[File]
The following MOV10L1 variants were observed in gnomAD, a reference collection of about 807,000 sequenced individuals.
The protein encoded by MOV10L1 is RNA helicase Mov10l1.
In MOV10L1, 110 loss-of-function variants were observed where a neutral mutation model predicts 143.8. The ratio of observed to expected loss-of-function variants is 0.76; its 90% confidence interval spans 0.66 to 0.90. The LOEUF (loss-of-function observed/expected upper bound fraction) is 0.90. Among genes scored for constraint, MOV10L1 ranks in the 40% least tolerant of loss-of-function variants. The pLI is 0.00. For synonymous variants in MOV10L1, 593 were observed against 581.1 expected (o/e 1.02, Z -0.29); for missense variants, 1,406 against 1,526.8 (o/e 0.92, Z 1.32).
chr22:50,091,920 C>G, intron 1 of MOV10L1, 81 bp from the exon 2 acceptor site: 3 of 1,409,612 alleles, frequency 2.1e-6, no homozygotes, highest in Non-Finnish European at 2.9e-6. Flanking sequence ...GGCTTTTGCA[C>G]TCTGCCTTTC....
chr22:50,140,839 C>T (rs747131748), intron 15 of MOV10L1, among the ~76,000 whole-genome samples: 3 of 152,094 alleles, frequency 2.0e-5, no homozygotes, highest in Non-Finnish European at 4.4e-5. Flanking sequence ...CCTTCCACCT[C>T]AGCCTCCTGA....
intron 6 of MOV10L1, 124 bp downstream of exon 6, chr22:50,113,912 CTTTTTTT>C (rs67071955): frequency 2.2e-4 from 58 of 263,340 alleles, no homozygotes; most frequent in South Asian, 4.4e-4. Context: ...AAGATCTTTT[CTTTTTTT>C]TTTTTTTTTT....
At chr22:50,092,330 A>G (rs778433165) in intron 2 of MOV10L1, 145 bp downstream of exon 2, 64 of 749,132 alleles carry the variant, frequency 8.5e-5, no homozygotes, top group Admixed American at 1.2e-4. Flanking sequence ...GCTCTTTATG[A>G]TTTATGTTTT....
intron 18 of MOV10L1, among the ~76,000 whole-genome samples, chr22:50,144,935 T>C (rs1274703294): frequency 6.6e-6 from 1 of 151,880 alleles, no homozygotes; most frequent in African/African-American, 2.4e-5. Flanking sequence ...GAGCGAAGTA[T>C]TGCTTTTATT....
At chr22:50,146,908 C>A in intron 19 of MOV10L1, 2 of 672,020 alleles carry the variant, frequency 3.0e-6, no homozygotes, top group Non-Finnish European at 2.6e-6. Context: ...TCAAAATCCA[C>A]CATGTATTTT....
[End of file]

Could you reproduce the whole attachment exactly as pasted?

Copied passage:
The following MOV10L1 variants were observed in gnomAD, a reference collection of about 807,000 sequenced individuals.
The protein encoded by MOV10L1 is RNA helicase Mov10l1.
In MOV10L1, 110 loss-of-function variants were observed where a neutral mutation model predicts 143.8. The ratio of observed to expected loss-of-function variants is 0.76; its 90% confidence interval spans 0.66 to 0.90. The LOEUF (loss-of-function observed/expected upper bound fraction) is 0.90. Among genes scored for constraint, MOV10L1 ranks in the 40% least tolerant of loss-of-function variants. The pLI is 0.00. For synonymous variants in MOV10L1, 593 were observed against 581.1 expected (o/e 1.02, Z -0.29); for missense variants, 1,406 against 1,526.8 (o/e 0.92, Z 1.32).
chr22:50,091,920 C>G, intron 1 of MOV10L1, 81 bp from the exon 2 acceptor site: 3 of 1,409,612 alleles, frequency 2.1e-6, no homozygotes, highest in Non-Finnish European at 2.9e-6. Flanking sequence ...GGCTTTTGCA[C>G]TCTGCCTTTC....
chr22:50,140,839 C>T (rs747131748), intron 15 of MOV10L1, among the ~76,000 whole-genome samples: 3 of 152,094 alleles, frequency 2.0e-5, no homozygotes, highest in Non-Finnish European at 4.4e-5. Flanking sequence ...CCTTCCACCT[C>T]AGCCTCCTGA....
intron 6 of MOV10L1, 124 bp downstream of exon 6, chr22:50,113,912 CTTTTTTT>C (rs67071955): frequency 2.2e-4 from 58 of 263,340 alleles, no homozygotes; most frequent in South Asian, 4.4e-4. Context: ...AAGATCTTTT[CTTTTTTT>C]TTTTTTTTTT....
At chr22:50,092,330 A>G (rs778433165) in intron 2 of MOV10L1, 145 bp downstream of exon 2, 64 of 749,132 alleles carry the variant, frequency 8.5e-5, no homozygotes, top group Admixed American at 1.2e-4. Flanking sequence ...GCTCTTTATG[A>G]TTTATGTTTT....
intron 18 of MOV10L1, among the ~76,000 whole-genome samples, chr22:50,144,935 T>C (rs1274703294): frequency 6.6e-6 from 1 of 151,880 alleles, no homozygotes; most frequent in African/African-American, 2.4e-5. Flanking sequence ...GAGCGAAGTA[T>C]TGCTTTTATT....
At chr22:50,146,908 C>A in intron 19 of MOV10L1, 2 of 672,020 alleles carry the variant, frequency 3.0e-6, no homozygotes, top group Non-Finnish European at 2.6e-6. Context: ...TCAAAATCCA[C>A]CATGTATTTT....